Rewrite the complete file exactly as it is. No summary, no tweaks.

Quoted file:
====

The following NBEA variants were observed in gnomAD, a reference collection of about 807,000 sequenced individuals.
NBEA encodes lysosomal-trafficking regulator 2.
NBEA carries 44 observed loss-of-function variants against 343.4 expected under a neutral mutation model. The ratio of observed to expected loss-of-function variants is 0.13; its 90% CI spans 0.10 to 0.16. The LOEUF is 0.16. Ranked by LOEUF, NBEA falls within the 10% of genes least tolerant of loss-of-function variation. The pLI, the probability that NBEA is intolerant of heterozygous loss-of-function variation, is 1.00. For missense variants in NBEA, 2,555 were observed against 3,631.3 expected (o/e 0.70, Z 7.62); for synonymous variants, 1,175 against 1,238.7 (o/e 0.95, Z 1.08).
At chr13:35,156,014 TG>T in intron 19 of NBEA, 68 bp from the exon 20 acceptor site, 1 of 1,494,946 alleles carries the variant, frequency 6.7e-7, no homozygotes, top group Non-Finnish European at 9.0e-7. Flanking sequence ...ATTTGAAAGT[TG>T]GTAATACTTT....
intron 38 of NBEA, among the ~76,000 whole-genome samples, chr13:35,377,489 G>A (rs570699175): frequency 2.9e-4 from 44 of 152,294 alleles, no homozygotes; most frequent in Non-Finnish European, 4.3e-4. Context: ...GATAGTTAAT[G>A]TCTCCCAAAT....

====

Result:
The following NBEA variants were observed in gnomAD, a reference collection of about 807,000 sequenced individuals.
NBEA encodes lysosomal-trafficking regulator 2.
NBEA carries 44 observed loss-of-function variants against 343.4 expected under a neutral mutation model. The ratio of observed to expected loss-of-function variants is 0.13; its 90% CI spans 0.10 to 0.16. The LOEUF is 0.16. Ranked by LOEUF, NBEA falls within the 10% of genes least tolerant of loss-of-function variation. The pLI, the probability that NBEA is intolerant of heterozygous loss-of-function variation, is 1.00. For missense variants in NBEA, 2,555 were observed against 3,631.3 expected (o/e 0.70, Z 7.62); for synonymous variants, 1,175 against 1,238.7 (o/e 0.95, Z 1.08).
At chr13:35,156,014 TG>T in intron 19 of NBEA, 68 bp from the exon 20 acceptor site, 1 of 1,494,946 alleles carries the variant, frequency 6.7e-7, no homozygotes, top group Non-Finnish European at 9.0e-7. Flanking sequence ...ATTTGAAAGT[TG>T]GTAATACTTT....
intron 38 of NBEA, among the ~76,000 whole-genome samples, chr13:35,377,489 G>A (rs570699175): frequency 2.9e-4 from 44 of 152,294 alleles, no homozygotes; most frequent in Non-Finnish European, 4.3e-4. Context: ...GATAGTTAAT[G>A]TCTCCCAAAT....